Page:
Nobody wants to get into a car accident, but sometimes, it's unavoidable because of the other driver's actions. When it comes to drunk driving, the at-fault driver is nearly always the person driving under the influence. If you or a loved one has been involved in a car accident with a drunk driver, keep reading to learn more.
You May Be Called to Testify
Many traffic violations require no witnesses, such as speeding. However, when alcohol is involved, the driver who caused the accident may also face criminal charges, especially if someone was hurt or damages were caused by the drunk driver. While this doesn't affect you directly, you may be called as a witness to testify on behalf of the plaintiff.
While in court, you will be subjected to questions by both the plaintiff's attorney and the defendants, which can be incredibly stressful, especially after a traumatic event like a car accident.
You May Be Allowed to File a Civil Case
In most cases, you can file a civil case against a drunk driver, but it depends on where you live. In pure negligence states, you can typically always sue a drunk driver, and you only have to prove the other driver was at fault to win.
In states that follow no-fault laws, filing a civil case can be difficult. Typically, in no-fault states, you have to have experienced major injuries to qualify for a lawsuit. You can, however, file a lawsuit with your own insurance carrier to help pay for property damages and minor injuries.
You May Be Able to File a Wrongful Death Claim
If your loved one is the victim of a drunk driver and the accident causes their death, you may have a wrongful death claim on your hands. Wrongful death claims arise when the victim would have had every right to sue for their own injuries if they hadn't passed. Wrongful death claims are often brought by surviving spouses, children, and parents.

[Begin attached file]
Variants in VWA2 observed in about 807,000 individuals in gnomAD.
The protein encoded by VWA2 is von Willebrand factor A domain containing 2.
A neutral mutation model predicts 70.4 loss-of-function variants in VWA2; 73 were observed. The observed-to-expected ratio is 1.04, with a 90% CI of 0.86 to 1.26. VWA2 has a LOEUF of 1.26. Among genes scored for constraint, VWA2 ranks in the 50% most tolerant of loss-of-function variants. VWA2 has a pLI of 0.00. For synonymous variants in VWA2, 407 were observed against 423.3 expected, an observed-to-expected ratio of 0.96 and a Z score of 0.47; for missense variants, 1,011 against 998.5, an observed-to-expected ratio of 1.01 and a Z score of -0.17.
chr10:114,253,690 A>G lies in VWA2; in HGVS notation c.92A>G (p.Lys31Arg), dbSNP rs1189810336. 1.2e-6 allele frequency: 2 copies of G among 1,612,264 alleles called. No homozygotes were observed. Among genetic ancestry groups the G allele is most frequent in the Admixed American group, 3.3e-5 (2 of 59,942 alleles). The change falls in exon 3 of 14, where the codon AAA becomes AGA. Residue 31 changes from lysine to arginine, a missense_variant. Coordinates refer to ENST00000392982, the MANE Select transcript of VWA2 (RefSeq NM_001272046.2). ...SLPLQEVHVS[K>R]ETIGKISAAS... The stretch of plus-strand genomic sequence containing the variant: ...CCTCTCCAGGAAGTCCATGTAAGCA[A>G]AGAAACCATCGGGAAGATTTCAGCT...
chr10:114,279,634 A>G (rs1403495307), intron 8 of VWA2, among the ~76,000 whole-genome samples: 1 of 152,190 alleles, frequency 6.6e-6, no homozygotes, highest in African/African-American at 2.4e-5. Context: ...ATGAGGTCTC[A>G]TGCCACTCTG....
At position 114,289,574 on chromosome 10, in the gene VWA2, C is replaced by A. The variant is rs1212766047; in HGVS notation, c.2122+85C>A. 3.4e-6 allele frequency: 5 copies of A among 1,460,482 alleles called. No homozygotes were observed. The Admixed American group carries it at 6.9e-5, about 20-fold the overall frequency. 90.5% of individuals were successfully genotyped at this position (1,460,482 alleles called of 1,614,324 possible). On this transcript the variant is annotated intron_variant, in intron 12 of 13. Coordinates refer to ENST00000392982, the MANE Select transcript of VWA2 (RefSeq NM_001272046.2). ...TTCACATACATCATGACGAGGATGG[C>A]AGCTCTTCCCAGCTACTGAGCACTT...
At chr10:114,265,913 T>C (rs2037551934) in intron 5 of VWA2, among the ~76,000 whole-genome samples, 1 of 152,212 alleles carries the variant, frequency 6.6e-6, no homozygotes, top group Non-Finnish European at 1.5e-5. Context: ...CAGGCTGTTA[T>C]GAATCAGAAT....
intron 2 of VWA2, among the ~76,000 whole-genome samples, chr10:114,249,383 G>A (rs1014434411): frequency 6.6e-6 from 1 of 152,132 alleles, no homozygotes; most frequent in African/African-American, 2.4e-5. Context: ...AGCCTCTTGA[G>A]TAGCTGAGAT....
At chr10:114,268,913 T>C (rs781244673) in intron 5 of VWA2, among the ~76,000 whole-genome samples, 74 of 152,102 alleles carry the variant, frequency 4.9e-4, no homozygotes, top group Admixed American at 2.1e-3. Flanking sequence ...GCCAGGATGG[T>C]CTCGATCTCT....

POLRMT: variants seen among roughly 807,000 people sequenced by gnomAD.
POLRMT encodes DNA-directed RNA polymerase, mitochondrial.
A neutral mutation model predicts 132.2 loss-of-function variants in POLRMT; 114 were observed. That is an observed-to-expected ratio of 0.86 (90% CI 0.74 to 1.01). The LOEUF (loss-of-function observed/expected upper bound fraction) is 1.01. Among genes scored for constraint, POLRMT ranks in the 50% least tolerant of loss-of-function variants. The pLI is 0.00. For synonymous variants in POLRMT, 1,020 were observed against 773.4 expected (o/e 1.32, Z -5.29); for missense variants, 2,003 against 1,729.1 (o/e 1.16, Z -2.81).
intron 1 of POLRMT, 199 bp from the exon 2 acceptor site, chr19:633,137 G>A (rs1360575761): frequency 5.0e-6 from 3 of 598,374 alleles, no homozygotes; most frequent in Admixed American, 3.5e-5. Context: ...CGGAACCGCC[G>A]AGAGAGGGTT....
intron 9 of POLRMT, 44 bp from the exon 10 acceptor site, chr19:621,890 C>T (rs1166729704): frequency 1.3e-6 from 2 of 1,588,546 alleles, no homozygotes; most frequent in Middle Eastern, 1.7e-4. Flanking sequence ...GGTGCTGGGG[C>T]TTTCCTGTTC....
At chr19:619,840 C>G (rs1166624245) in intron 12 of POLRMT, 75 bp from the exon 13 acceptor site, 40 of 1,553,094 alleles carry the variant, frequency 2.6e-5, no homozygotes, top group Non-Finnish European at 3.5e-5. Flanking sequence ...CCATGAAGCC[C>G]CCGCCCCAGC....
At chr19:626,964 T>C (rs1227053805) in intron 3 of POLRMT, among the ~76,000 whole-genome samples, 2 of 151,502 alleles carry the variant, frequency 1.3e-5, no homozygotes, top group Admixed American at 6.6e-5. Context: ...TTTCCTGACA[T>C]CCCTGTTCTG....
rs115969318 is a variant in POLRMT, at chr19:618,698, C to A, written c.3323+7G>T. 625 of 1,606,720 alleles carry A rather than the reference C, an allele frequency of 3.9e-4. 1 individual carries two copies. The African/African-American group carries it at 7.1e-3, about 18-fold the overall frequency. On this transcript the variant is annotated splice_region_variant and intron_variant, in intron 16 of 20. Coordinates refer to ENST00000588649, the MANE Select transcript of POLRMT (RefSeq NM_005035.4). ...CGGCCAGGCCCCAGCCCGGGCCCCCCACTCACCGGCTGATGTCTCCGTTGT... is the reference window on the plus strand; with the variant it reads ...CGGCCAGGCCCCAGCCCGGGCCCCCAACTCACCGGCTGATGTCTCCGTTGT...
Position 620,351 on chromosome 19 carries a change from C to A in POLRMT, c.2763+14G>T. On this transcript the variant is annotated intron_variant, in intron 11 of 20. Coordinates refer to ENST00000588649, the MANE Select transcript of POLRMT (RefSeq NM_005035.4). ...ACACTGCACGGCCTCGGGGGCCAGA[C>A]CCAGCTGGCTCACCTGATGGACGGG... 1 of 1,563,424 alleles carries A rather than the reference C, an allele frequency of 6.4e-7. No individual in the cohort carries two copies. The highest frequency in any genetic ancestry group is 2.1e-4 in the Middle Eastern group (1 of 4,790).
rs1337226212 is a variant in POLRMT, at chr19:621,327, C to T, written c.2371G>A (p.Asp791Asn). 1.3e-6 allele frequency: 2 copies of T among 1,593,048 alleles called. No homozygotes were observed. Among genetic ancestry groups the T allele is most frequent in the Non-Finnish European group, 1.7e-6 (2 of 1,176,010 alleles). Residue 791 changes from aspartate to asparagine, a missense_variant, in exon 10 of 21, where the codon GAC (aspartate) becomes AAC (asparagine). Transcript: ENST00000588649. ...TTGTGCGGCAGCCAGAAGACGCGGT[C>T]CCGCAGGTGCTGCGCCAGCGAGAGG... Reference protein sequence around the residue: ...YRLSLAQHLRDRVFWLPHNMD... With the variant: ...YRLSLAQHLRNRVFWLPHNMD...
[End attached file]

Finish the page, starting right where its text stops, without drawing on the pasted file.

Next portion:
If the deceased has no close family, or the family is too preoccupied with the loved one's passing, they may promote a representative to file the claim on their behalf or on behalf of the estate.
You May Have More Time to File Your Claim
Depending on where you live, you may have one, two, or three years to file your civil case. If you wait longer than the statute of limitations in your state, your claim will not be considered. If the at-fault driver is also facing criminal charges, however, you may have more time to file.
In some states, the statute of limitations is extended because criminal trials can take months or even years. However, in other states, you may be allowed to start the civil lawsuit before the criminal proceedings have ended.
You May Be Awarded Punitive Damages
There are many types of damages the court may award you. For example, in most cases, the settlement will include medical expenses, but you may also get money for property damages, pain and suffering, future medical expenses, and lost wages. To be awarded these damages, however, you have to prove you suffered loss because of the accident.
Punitive damages, however, are different. Punitive damages aren't about making you whole again; they are about punishing the defendant. Punitive damages aren't always awarded, but it is always a possibility in drunk driving cases, especially if the drunk driver behaved particularly problematic, such as drinking well beyond the legal limit or committing other crimes at the time. You still get the punitive damages.
If you or a loved one have suffered injuries due to a collision with a drunk driver, it's time to take action. You deserve money to pay for your medical bills. For more information, contact an auto accident attorney in your area today.